Saturday, 10 November 2012

From whistler to whisperer



Whistling tree ducks sometimes waddle into our garden.





The farm field at the bottom of our garden floods to create a natural pond. We call it an ‘up and down pond’ and in some years it dries out completely. Not this year, it’s been full all the time and sometimes it becomes quite extensive as water floods over the grassy field. This is an ideal habitat for the tree ducks that used to escape from next door on an almost daily basis. Unfortunately my neighbour has discovered their means of escape and it is only rarely that they come now.



I do love it when they escape from the next door menagerie. They enter the field rather like naughty schoolboys playing truant. They do everything together, in unison. They walk in step, they stand in the shallow water or on the muddy bank, completely still, both looking exactly in the same direction. They have rather a superior, condescending look. If I approach them, they remain quite still and give me a look of dumb insolence which declares “leave us alone”


Duck facts 
  • Their natural habitat is freshwater lakes and wetlands with plenty of vegetation.
  • Native to many tropical regions, they are shot as game birds in America.
  • They eat seeds and water plants, often feeding at night.
  • Their call is a melodious whistle.
  • They are noisy and gregarious, hanging around in big flocks in the wild.
  • Not true ducks, they are considered a separate tribe in the goose sub-family.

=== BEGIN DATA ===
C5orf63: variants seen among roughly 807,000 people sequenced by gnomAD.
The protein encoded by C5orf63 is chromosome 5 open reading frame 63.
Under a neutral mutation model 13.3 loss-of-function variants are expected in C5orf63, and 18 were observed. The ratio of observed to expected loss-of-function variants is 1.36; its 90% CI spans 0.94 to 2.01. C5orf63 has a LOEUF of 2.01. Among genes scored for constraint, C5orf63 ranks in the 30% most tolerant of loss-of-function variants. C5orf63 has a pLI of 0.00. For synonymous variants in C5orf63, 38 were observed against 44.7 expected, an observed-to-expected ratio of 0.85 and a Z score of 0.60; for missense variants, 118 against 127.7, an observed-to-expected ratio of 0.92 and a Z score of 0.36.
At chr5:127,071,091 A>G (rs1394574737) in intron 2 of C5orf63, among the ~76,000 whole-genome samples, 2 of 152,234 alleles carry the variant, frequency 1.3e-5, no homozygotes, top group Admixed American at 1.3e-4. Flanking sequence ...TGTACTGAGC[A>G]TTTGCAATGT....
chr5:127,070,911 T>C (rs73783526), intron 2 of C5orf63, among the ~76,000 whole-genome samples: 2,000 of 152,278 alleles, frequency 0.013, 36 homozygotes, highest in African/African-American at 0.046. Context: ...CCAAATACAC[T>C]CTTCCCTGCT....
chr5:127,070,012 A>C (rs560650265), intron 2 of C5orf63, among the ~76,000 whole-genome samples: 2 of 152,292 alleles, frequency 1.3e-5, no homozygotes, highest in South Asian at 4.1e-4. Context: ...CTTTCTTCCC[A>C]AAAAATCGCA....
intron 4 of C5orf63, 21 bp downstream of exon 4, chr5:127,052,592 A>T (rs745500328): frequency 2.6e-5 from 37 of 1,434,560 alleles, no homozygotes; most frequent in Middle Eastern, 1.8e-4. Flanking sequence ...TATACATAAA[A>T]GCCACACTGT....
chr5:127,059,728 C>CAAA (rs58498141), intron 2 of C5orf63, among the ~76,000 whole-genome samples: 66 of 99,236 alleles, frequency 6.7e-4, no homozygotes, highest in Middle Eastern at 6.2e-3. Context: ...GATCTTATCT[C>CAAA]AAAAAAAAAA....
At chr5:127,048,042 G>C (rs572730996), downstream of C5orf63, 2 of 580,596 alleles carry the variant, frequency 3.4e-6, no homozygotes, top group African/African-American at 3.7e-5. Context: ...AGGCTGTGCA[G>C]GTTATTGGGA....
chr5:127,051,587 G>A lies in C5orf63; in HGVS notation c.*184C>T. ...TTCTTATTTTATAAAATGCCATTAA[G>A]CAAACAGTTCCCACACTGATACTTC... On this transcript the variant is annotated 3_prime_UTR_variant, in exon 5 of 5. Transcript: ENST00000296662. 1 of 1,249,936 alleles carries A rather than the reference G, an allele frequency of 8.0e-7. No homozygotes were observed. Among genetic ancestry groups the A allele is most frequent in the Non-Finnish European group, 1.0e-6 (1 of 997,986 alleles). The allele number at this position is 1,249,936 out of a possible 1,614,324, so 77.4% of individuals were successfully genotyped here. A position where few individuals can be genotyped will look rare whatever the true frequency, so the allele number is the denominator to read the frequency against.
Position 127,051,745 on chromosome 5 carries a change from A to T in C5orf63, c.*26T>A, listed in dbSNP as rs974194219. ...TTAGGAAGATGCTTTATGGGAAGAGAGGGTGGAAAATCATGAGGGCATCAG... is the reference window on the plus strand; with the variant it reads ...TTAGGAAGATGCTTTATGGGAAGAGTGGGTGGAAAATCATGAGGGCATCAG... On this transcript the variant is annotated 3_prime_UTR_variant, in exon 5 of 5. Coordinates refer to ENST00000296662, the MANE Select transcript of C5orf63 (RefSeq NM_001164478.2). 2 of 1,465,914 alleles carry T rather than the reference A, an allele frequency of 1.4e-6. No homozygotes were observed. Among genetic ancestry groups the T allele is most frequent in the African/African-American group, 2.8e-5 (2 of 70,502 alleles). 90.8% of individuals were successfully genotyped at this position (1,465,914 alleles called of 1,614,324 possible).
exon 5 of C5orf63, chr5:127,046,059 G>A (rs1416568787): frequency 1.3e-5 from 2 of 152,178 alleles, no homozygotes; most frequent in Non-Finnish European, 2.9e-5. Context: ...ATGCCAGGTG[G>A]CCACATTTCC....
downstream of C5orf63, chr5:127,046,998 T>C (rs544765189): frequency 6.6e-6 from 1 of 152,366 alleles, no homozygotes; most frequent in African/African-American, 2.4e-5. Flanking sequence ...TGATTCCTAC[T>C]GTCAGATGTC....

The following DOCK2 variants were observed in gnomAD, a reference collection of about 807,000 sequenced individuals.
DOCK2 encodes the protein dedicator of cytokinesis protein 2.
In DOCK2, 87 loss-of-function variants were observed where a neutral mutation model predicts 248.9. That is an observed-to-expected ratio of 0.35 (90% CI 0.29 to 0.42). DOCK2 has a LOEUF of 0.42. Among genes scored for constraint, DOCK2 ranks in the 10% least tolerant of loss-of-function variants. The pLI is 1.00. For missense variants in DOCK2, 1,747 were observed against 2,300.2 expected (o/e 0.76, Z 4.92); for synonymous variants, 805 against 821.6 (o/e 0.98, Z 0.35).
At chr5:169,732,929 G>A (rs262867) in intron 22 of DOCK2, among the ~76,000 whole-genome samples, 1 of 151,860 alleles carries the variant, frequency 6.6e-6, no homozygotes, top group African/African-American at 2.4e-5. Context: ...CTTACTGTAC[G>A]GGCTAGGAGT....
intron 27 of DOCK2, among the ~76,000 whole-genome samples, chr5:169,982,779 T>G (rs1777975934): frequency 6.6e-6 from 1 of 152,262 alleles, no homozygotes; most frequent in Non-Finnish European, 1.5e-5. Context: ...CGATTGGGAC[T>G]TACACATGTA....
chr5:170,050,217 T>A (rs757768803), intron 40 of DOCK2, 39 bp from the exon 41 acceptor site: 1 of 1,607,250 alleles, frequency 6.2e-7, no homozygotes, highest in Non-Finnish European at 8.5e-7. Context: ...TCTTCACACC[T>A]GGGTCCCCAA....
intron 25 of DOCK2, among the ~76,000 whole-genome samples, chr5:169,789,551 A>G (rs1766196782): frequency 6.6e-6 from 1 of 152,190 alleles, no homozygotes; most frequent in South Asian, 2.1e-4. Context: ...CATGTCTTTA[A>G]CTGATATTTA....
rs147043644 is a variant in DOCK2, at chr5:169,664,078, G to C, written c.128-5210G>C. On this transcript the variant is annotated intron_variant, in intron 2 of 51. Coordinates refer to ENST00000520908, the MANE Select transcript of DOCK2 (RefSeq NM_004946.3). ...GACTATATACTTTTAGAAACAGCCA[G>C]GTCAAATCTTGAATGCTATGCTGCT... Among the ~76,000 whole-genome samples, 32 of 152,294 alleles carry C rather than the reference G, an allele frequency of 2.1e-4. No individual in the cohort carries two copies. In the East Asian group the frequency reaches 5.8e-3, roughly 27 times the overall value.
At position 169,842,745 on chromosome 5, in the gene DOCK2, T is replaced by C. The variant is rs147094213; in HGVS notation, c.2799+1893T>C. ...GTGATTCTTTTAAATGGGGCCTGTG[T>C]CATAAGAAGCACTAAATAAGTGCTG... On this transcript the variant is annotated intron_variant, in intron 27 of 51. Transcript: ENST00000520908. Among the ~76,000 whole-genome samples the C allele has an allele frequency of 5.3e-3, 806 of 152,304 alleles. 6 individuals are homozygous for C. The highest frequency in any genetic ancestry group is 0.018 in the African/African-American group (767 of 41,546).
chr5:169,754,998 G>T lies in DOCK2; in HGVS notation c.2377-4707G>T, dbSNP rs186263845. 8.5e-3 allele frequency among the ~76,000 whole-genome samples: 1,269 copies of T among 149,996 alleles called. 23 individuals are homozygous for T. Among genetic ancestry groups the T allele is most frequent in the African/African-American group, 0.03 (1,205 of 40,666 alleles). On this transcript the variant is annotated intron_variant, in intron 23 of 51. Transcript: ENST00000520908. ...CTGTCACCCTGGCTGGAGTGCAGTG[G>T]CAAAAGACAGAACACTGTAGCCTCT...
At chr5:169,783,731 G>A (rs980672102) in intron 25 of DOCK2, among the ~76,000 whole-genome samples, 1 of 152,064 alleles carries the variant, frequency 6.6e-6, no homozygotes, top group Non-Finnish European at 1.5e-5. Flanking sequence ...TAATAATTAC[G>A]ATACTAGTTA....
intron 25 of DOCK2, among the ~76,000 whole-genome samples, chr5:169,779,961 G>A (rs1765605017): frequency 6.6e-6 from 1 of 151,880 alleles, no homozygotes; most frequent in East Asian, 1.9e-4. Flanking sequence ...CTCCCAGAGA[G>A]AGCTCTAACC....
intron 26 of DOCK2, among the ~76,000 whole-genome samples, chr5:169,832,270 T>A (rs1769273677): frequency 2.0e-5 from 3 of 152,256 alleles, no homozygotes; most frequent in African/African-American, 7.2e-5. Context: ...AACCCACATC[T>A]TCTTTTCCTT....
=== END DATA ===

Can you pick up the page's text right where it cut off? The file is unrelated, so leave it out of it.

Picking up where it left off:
The chicken whisperer
A few miles away, Sue Doherty has a seven acre smallholding. She has recently started to blog about her animals. She tells me I ought to get some chickens to provide ‘living garden architecture’. I sometimes wonder whether I should just make a hole in the fence!



7 comments:

  1. Replies
    1. They are lovely Poppy. In the Southern States they congregate in huge, gregarious, whistling flocks. It's quite a sight.

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  2. I would just get your neighbours to put in a small gate between your gardens!

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    Replies
    1. The only boundary at Boundary Cottage is between us and our neighbours. We would have to keep the gate closed or the animals would all escape into the neighbouring fields.Last year the rheas escaped when our friends were out!
      We had to entice them back with tasty food!

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    2. Sounds like something out of The Good Life! Obviously never a dull moment though.

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  3. I keep a few garden hens but if I were to have ducks, it would DEFINITELY be these! They are gorgeous.

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  4. Great pictures! They look really curious so it's no wonder they want to investigate your garden.
    A friend of mine in Scotland has a little flock of them - they look brilliant on his big pond and whistle at every passing seagull!

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